Our family has a game where we write down what we would do with our money if we won the Lotto. This is not just a fruitless exercise of “what if”, because what it does is show us what is important to us and what our dreams really are.
Apart from the obvious ones like paying off a mortgage, there are always value-based ideas that are different for each person.
For example, I realised that the portion I would give to charity if I won the Lotto would be to help more children to receive an education. Education is important to me, so rather than waiting to “win the Lotto”, I started a monthly debit order to benefit the Peninsula School Feeding Association, which feeds children in the Cape Peninsula.
With food in their stomachs, children are better able to learn, and knowing they have a meal waiting for them at school makes them more likely to go to school. I didn’t need to win the Lotto to start making a difference.
On the pure luxury side, I want to be able to fly business class when I travel abroad. If you have compared the cost of a business class ticket to an economy one, you will realise you’ll need serious cash to reach this goal.
I thought about it for a while and realised I could do this using air miles. As I fly a fair amount locally for work, by committing myself to one airline for all my local travel, I could clock up enough points to upgrade to a business class ticket at least every second year.
Then I realised I could boost these points further by opting for a credit card tied to the airline’s rewards programme. This meant I could upgrade my husband’s ticket too, rather than have him sitting behind the curtain in economy – which may have been a marriage breaker.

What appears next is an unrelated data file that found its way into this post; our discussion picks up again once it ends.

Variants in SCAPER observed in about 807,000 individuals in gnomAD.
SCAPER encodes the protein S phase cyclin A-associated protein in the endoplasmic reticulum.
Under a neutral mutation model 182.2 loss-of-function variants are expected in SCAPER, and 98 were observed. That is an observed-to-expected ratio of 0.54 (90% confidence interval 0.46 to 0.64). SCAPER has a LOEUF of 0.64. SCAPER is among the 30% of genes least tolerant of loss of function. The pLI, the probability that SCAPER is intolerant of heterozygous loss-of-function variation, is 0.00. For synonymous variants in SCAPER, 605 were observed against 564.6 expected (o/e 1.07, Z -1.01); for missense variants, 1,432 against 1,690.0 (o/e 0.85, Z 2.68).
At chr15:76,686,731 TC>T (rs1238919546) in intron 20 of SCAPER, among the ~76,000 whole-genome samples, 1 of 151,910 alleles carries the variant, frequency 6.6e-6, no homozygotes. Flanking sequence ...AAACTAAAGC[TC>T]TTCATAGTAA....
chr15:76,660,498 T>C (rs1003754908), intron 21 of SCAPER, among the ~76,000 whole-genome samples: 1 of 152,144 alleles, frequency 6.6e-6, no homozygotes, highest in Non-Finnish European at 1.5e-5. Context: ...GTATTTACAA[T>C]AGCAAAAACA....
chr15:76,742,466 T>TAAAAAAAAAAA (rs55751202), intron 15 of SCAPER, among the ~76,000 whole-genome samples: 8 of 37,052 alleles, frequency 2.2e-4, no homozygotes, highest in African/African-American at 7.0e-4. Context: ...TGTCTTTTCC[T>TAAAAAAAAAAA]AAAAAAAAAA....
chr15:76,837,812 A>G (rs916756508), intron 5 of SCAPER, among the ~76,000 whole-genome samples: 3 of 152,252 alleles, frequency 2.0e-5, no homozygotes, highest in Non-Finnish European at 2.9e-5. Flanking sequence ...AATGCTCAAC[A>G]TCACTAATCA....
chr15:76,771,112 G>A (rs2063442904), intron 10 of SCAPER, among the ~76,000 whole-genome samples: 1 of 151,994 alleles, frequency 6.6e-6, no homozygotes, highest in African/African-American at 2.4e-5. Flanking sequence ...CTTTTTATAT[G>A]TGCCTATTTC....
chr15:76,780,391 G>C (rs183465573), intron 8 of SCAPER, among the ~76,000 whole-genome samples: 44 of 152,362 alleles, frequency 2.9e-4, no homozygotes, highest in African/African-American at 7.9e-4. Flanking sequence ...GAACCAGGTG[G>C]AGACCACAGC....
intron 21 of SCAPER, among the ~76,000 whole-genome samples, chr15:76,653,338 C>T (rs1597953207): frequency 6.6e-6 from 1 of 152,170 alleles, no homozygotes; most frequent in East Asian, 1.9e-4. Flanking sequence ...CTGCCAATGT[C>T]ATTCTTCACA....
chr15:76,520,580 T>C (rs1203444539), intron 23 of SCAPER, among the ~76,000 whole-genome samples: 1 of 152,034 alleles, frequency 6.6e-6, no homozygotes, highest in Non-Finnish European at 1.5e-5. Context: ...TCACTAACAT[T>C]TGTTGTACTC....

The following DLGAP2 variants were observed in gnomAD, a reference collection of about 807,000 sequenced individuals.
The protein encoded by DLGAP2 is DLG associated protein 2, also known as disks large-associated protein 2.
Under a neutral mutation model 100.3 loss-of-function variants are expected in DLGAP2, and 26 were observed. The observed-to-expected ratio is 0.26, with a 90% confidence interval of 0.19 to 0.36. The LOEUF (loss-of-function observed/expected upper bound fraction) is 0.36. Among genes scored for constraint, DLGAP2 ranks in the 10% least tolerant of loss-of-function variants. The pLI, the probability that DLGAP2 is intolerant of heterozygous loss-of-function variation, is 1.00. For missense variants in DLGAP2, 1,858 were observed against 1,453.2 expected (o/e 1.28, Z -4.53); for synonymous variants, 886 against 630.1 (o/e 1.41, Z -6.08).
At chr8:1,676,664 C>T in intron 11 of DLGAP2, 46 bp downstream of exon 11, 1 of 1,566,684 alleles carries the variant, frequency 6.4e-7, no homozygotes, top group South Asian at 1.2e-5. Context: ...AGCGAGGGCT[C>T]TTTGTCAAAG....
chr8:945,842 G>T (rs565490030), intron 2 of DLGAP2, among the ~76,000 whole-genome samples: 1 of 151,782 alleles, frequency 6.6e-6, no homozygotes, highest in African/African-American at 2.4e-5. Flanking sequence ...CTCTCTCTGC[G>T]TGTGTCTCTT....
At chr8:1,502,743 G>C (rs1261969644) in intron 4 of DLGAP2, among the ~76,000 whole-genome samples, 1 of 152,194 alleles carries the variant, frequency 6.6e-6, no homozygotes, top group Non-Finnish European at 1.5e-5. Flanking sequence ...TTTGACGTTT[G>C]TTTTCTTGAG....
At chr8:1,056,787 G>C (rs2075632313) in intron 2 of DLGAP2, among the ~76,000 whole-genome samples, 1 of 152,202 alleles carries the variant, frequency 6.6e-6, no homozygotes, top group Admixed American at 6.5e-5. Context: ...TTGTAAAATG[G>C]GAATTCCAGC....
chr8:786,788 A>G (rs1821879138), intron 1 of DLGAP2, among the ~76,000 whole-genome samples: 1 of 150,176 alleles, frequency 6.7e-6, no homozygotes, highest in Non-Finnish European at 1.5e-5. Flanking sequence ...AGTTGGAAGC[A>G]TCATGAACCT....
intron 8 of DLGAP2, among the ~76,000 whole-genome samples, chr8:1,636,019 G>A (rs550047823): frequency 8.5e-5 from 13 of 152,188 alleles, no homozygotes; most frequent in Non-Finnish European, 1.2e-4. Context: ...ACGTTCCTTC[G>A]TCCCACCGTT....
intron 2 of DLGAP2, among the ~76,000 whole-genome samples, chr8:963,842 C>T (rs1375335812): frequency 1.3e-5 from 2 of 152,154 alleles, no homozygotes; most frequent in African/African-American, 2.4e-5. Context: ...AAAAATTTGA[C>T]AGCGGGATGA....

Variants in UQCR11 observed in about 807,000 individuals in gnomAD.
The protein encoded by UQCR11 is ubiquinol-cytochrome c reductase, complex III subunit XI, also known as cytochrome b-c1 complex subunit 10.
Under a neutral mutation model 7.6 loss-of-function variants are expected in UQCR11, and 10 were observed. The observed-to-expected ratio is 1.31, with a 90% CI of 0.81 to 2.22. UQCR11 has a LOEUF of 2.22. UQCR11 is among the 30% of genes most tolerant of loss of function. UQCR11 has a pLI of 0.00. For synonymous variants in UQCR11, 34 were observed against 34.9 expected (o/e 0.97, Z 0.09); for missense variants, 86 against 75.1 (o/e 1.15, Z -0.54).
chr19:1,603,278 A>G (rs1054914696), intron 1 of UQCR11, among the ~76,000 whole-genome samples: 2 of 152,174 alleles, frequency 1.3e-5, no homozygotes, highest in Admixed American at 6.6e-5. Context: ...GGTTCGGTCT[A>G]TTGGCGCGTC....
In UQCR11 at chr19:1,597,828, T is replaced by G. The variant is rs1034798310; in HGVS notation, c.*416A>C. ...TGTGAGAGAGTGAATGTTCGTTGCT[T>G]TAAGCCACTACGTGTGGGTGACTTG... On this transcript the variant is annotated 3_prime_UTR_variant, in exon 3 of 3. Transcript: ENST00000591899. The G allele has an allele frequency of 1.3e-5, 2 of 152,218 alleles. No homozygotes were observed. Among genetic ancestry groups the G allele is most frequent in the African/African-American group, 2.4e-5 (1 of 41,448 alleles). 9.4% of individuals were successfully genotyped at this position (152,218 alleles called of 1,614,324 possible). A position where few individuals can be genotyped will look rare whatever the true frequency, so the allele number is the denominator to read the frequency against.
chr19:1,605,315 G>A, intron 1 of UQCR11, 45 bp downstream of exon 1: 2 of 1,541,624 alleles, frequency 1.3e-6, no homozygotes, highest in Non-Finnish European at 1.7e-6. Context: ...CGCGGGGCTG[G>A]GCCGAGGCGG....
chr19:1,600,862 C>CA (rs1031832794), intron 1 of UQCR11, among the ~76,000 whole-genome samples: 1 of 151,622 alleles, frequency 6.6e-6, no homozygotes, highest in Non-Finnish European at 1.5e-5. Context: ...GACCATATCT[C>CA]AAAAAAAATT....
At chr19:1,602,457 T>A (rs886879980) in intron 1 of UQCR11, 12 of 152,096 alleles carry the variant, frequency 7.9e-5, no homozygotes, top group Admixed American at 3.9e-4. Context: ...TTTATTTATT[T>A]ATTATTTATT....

So this week I signed up for a credit card that will boost my points (it was easy to do, although the questions about my living expenses were laughable – but that is for another column).
I will pay the amount I spend each month on average into the credit card at the beginning of the month. This means I am not going to end up with a massive credit card bill. My goal here is to work the system – not have the system work me. By focusing all my spending on the single card, I can work on my goal to travel business class without winning the Lotto – the odds are in my favour.
So how about playing “if I won the Lotto” and finding innovative ways to fund your dreams. Here are a few ideas. Join your local school’s governing board and help improve the school. Find out about bursary schemes at the schools you feel are right for your child. Consider extra lessons if you want to supplement your child’s education.
Have you noticed how many competitions there are for family holidays? Spend a year entering all the ones you can find. Make sure they are legit and set up an email address to use for this purpose so you don’t get spammed.
Ditto on the new car. Start
entering competitions. Start a tax-free savings account in their name. If you put just R500 away each month into a fund growing at 10% a year, it would be worth R380 000 in 20 years – all tax free.
There are so many charities and not-for-profit organisations that need time more than money. Offer your time and skills.
There are many options here. Firstly, if you save 20% of your salary and invest in a fund that returns about 10% a year, you will have a year’s salary put away within four years. There are volunteer programmes worldwide where you get free food and lodging for helping to build a school, for example – so you get to travel and do good. Do a six-month house swap or build up a reputation as a trustworthy house-sitter and sign up with a global house-sitting service. Start investigating – the options will amaze you.
No matter how much money you win in the Lotto, you will be back in the same position in just a few years.
If you are not managing your money now, you never will.
Start by cutting up those store cards and credit cards and committing a few hundred rand extra each month to repaying your debts. You will be amazed at how quickly your finances improve.